Rushdie writes epic novels, but his most recent one — The Golden House — is marked by an uncharacteristic lack of ambition. It is set in New York and begins on the day when Barack Obama first took charge as President. The story is related in the first person and the narrator is René, an aspiring film-maker, and the objects of his curiosity are his new neighbours — a man from a faraway country initially not named, and his three sons. The man could be a king — perhaps uncrowned — and his wife is noticeably absent. The man and his sons go by the names of Roman emperors and these are evidently assumed; their real names are not revealed. The family is fabulously wealthy and René’s curiosity is aroused adequately for him to contemplate making a ‘mockumentary’ about them — concluding in the discovery of their story. They are apparently Muslim but it does not show in their practices, and they have taken the surname ‘Golden’. The Murray House which they just acquired and occupied has thus become the ‘Golden House’.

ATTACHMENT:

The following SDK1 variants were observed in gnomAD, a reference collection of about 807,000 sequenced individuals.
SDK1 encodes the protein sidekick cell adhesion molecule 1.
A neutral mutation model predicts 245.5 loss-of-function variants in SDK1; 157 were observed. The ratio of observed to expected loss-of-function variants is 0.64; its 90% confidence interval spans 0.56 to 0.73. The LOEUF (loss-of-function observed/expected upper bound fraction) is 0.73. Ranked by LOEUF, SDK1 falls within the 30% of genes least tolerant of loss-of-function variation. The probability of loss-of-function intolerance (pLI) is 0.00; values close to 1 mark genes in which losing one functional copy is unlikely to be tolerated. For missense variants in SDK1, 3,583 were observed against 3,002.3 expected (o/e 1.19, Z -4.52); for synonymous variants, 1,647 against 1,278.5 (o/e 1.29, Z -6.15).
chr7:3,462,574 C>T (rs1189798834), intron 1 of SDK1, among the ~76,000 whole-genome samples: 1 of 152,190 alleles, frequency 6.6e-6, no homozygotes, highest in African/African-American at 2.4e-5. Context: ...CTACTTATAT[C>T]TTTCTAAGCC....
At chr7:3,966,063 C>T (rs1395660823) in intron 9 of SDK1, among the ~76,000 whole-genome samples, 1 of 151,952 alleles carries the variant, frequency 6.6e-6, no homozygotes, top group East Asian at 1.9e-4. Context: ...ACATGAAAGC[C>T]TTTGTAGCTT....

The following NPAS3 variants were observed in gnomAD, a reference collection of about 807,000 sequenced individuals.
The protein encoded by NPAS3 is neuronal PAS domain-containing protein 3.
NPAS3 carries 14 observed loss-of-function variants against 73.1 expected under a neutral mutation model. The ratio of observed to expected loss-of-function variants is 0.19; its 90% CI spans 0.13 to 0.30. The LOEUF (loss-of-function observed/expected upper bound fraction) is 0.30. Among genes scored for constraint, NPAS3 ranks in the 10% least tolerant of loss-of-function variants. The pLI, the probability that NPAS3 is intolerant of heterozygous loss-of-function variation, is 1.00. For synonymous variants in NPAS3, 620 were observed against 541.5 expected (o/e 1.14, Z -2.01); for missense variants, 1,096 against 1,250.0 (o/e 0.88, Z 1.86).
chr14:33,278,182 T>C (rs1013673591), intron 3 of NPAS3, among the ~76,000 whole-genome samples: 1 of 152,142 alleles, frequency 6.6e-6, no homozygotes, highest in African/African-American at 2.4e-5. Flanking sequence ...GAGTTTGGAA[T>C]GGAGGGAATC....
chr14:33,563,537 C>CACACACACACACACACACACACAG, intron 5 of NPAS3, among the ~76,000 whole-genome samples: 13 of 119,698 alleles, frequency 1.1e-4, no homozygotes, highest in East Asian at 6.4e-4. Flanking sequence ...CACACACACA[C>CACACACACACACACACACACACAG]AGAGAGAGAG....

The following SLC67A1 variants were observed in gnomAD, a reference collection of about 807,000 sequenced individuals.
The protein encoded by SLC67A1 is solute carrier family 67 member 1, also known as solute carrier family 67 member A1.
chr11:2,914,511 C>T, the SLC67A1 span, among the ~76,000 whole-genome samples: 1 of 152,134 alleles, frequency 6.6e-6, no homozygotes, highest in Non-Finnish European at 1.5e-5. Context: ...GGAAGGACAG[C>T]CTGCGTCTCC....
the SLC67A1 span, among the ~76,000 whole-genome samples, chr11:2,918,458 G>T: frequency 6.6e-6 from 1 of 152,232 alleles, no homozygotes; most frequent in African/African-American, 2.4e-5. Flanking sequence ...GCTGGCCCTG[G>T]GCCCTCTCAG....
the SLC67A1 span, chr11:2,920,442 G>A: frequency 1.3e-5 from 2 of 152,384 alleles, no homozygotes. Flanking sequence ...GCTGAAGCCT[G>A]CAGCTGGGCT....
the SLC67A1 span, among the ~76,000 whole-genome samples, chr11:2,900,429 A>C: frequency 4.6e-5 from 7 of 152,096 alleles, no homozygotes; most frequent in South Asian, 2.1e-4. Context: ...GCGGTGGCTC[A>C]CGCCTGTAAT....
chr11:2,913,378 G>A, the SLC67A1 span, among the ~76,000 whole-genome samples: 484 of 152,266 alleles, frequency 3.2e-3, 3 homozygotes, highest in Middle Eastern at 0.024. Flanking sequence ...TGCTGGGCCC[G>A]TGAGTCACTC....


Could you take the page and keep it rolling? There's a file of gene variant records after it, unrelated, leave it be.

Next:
So much mystery is created about the Goldens in the first few pages that when it is revealed that they are from India, a business family from Mumbai to be precise, one finds oneself feeling distinctly cheated. This is not because, being Indian oneself, such a revelation can hardly be exciting. India, to be quite forthright, is not an exciting subject even to the West and the reason is that it is unthreatening. India perhaps last excited Europeans between the 16th and 18th centuries when its wealth — or those of its maharajas/nabobs — was famed, explorers looking to reach it and traders wanting access. In today’s world, the spaces that excite the West are those likely to threaten its safety, and spaces like the Muslim world, North Korea and China provide greater scope than India. When one looks at the Indians in Hollywood films, for instance, they are rarely more than low-ranking geeks and even a Pakistani character is likely to draw more spectators/readers than an Indian.